(Painted rocks lined up along the pathway in Stitt Park Stittsville. Photos: Janice Blain.)
I love rocks and have been collecting them from far and wide throughout my adult life, writing on the back when and where I found them. A treasure trove to look back on over the years. I love the shapes, textures, colours and the memories contained in nature’s art.
Yesterday I discovered a new love of rocks, rocks of a different kind, painted rocks, children’s art. I had heard about them from a friend who had seen them during her walks in Stittsville, but I hadn’t seen any for myself, until yesterday. By chance, I changed my walking route and coming through Stitt Park I noticed some coloured rocks placed in trees. Then, as I left the park, I discovered more and stopped to take a closer look.
A lone rock near the Poole Creek bridge in Stittsville
Others in an array of bright colours, offered inspirational messages in Stittsville.
As I continued my walk in the pouring rain I found more treasures, turning a dreary day into a mood lifting experience. Obviously done by children of all ages and perhaps some adults, they certainly lifted my spirits.
Back home, I looked for information on my new discovery and found an article from 2018 in Stittsville Central about the Stittsville/Kanata Rock Project which has its own Facebook page. By joining this Facebook group I found pictures of rocks painted by both, children and adults. I learned about the sharing of rock messages, rock art tributes to our front line workers and rock art scavenger hunts.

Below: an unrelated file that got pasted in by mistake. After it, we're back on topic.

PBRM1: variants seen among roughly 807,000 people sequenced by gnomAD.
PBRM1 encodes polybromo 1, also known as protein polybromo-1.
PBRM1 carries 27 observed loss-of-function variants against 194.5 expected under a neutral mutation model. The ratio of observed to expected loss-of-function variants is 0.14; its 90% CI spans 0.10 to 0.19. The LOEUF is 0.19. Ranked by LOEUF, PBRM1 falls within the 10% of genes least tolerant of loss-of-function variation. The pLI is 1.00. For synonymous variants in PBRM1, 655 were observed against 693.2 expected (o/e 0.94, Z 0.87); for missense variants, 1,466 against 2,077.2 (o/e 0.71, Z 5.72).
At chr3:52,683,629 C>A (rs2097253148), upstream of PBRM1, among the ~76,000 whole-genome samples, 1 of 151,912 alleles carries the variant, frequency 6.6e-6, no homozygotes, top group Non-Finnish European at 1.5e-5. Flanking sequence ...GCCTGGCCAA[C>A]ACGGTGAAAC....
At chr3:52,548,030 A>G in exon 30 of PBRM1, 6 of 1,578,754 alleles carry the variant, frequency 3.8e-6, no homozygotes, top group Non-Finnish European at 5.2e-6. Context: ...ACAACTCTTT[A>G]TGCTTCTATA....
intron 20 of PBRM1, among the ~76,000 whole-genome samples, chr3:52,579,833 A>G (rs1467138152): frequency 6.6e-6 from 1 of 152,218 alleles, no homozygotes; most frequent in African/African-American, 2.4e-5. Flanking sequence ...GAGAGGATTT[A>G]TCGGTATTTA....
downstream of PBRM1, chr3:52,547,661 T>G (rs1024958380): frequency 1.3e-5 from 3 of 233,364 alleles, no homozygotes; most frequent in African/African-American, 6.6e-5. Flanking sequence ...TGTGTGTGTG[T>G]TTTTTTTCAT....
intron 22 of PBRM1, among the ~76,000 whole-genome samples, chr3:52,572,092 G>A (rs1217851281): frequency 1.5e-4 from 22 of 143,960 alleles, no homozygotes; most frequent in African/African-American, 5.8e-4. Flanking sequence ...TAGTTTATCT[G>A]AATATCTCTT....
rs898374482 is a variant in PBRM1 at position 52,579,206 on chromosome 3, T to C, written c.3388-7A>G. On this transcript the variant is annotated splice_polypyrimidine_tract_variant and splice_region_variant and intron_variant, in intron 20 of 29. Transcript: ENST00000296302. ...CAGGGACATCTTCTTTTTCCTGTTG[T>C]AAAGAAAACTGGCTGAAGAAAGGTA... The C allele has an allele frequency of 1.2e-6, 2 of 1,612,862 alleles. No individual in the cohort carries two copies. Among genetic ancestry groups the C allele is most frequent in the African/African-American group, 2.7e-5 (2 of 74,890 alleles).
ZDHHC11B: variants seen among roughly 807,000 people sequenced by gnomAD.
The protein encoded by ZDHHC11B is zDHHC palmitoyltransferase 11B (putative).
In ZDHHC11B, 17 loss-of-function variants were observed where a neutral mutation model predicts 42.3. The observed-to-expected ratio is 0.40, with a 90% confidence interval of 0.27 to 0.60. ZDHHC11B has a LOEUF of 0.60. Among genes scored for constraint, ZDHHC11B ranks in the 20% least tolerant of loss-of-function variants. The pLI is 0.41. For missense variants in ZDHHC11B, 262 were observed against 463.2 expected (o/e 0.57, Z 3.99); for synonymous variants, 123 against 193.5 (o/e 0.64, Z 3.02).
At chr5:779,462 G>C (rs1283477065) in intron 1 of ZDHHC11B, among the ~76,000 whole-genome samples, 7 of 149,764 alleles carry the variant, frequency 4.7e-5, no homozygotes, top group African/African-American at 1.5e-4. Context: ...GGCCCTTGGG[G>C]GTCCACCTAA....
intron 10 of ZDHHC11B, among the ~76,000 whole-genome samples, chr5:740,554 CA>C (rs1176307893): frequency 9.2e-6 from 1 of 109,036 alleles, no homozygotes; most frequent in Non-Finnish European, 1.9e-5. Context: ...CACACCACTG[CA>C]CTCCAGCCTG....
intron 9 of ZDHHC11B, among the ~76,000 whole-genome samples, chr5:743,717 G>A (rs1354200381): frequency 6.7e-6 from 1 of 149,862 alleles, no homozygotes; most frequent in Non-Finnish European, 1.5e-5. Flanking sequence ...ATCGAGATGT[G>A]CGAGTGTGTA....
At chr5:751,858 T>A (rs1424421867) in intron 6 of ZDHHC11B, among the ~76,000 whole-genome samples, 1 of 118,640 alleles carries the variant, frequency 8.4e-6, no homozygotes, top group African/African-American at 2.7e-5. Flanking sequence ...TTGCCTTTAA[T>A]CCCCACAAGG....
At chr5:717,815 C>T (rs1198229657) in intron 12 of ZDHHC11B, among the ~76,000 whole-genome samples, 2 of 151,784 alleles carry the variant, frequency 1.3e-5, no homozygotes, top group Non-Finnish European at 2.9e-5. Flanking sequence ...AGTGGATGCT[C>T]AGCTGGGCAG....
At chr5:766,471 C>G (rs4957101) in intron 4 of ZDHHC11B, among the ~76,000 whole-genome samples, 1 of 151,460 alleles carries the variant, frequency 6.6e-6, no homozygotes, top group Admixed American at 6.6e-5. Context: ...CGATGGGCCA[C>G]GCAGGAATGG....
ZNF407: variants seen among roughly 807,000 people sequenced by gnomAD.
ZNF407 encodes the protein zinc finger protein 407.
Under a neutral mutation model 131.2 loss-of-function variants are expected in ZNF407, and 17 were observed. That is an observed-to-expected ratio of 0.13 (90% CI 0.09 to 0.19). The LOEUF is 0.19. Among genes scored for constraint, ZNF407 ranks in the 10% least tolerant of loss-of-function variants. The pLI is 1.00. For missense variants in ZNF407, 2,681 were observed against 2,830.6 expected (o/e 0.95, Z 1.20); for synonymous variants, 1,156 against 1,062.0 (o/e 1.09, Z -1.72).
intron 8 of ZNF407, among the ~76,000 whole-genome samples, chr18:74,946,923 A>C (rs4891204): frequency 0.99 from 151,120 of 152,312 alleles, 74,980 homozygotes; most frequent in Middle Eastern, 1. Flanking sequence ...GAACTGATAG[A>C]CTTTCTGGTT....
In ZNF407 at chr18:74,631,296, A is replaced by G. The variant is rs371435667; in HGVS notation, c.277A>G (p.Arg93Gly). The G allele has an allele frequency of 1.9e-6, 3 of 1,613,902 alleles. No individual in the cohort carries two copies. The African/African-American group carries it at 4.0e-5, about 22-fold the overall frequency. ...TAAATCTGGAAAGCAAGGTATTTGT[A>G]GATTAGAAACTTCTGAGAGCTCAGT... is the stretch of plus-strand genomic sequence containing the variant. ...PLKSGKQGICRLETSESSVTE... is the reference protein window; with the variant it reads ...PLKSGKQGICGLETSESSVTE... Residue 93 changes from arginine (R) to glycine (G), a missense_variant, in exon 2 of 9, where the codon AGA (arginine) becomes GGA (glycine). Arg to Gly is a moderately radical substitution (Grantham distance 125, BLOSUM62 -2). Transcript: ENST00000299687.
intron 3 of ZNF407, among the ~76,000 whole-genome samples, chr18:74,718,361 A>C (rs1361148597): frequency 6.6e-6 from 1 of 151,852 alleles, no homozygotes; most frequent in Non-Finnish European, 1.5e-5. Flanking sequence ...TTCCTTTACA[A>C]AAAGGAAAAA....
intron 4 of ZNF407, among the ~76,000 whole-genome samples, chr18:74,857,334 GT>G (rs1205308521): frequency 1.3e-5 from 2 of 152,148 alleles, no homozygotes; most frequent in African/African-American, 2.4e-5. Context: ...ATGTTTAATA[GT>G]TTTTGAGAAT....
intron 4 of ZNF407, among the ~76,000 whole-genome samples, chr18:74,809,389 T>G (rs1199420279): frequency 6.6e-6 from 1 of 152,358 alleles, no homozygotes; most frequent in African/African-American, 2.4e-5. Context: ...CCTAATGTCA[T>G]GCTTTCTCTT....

Obviously, since the arrival of COVID-19, the rock messages have taken on new significance and painting rocks has gained the renewed interest of children. Home from school, they paint them, hide them and search for them. Some rocks are to be admired but left for others to admire, other rocks are to be shared and scavenger hunts have become a favourite pastime.
For more information check out the Stittsville/Kanata Rock Project Facebook page or this article and video from CTV News: https://ottawa.ctvnews.ca/a-
Wendy Parker gained notoriety after painting Alex Fox rocks, then placing them throughout Stittsville, starting the recent Stittsville fox hunting craze. Finding an AlexFoxStone would be a real thrill, as was the discovery of a garden on Jonathan Pack Street, decorated with these incredible rocks — and more.
Painted rocks discovered in a garden on Jonathan Pack in Stittsville.
I have no idea who the creative person is behind this rock garden and I hesitated to go to the door, but if you know anything about the artist or the story behind these stones, please let us know with a comment. They are truly eye catching and deserve recognition.
However, it was the enthusiasm and creative talents of children that originally caught my attention and inspired me to write this. I loved the rocks, the fun I had finding them and I will definitely be walking different paths in the future in the hope of finding more rocks to admire, inspire and photograph.
Found on a Main Street wall in Stittsville.
Found on Orville Street in Stittsville.
These rocks are beautiful and their messages meaningful, much to the delight of many people. I know they bring a big smile to my face and joy to my heart during these difficult times. THANK YOU! to all the artists young and old, and especially the children who share their wonderful rocks with passers by.
Happy rock hunting everyone!
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